you said

she stood firm
against the door
her hands
on the lapels

of her uniform
you could say yes
she said
you could take me

out to cinema
and then
it would be good
huh?

you watched
as she undid
one button
at a time

you watched
her fingers undo
each button
with deliberate

slowness
if I say yes
you'll stop this folly?
you asked

if you mean it
I will walk
from the door
and we can leave

and I do up
the buttons
before others see
she stared at you

her pale blue eyes
on you
her lips parted
just so

you could see
her small white teeth
where do you want to go?
you asked

cinema is good
she said
in the dark
we can kiss yes?

the buttons
were undone
to reveal
her compacted tits

ok ok
you said
the cinema
it is promise?

she said coolly
you make promise
and keep?
yes I make promise

and keep
you repeated
she began to do up
the buttons

her eyes
looking at you
and she smiled
and said

good boy
we have fun no?
you breathed out
the held in breath

sweat dampened
the back
of your shirt
and trouser legs

but if
you do not
show up
she said

brushing her uniform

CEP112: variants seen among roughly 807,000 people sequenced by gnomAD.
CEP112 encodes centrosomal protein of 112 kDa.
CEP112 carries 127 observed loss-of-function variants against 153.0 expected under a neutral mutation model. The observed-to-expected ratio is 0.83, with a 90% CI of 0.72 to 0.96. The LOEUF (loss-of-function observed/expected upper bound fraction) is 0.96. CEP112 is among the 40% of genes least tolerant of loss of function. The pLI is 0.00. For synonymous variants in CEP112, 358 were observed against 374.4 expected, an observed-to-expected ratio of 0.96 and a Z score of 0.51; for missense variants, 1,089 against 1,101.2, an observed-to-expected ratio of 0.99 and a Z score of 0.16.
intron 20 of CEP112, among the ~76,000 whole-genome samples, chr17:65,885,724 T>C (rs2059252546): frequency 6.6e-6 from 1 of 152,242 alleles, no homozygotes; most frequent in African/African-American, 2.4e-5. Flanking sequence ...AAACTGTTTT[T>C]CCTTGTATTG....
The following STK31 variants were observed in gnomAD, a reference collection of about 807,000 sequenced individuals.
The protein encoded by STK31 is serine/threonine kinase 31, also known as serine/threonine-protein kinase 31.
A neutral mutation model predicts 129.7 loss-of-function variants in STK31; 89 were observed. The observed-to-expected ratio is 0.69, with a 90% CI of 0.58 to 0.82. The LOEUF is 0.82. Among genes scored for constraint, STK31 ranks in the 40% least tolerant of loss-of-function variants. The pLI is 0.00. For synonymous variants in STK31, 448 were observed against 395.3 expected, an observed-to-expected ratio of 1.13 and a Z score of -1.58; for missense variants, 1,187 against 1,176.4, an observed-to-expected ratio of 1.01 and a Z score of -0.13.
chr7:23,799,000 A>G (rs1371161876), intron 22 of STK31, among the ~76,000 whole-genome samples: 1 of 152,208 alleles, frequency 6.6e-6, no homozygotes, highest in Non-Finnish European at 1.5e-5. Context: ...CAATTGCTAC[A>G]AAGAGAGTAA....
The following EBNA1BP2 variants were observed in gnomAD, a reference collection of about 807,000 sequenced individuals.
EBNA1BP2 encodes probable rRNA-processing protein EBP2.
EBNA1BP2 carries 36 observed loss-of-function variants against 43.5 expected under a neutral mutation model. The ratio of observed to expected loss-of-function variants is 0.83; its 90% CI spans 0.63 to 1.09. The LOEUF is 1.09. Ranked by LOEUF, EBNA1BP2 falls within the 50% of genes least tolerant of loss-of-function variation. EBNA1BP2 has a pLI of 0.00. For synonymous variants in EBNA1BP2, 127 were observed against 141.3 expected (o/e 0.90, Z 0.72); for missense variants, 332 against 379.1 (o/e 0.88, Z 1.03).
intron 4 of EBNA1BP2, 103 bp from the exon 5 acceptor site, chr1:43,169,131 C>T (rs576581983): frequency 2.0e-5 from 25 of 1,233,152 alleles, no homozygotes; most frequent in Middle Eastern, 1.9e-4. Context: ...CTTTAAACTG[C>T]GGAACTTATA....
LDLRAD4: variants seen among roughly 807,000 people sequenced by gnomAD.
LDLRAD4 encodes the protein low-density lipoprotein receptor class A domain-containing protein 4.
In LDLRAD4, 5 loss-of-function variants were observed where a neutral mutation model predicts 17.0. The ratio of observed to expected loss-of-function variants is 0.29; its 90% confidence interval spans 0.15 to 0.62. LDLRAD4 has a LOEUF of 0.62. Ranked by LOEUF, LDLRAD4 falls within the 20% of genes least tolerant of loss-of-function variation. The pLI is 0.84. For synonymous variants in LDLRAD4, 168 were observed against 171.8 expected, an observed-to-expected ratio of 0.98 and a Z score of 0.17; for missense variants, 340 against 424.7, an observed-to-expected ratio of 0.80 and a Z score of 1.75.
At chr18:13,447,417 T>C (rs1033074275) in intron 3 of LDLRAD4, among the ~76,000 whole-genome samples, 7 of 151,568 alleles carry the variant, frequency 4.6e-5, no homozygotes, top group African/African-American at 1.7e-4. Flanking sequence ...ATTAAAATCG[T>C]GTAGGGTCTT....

I'll say you make love
to me on this
Mr Dubbin's bed

and I make bed
look all untidy
and they believe
me yes?

I'll be there
trust me
you said
just let me go

I need to get
the other beds
made before lunch
she moved aside

and opened the door
her perfume
filtering your nose
off you go

she said
and be good
you went off
to make the beds

and show up
that night
as she knew
you would.

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No thing after the war and you!

Conception
I was to say you over looking to me of silence window
alone like me
and you are to lead my heart to the dream
alone like me
and the road to take you from to you
alone like me
and the earth graves to point to you
alone like me
but the ash of gravest one to mold me alone
where are you from I?

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Time For Light Away From The Shadows And Dark Corners

it is time for light
shine, shine
and take away the little dark corners
drive away the shadows
on the fullness of your day

and then we will dance
and sing and make merry
under the fullness of your grace
and your loving warmth

come light, come
take away everything
that we are not
and we are not supposed to be

come light, come
light our paths so we will see
the truth
that as children of God
we are meant to be happy.

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The Rain And You

The rain washes away, my tears
Cleanses my mind, of you
Of the last words we shared

If rinses away our last fight
Erases you as if you were
Never there, by my side

The rain lifts and frees my soul
From your shackles and chains
That keep me holding on to you

The rain glides the pain away
That was left by you
By the promise of of our love broken

The rain trickles memories of you
Out from my brain
Then it stops raining and your back

The rain is a temporary fix
That I inpatiently wait for
Letting me forget about you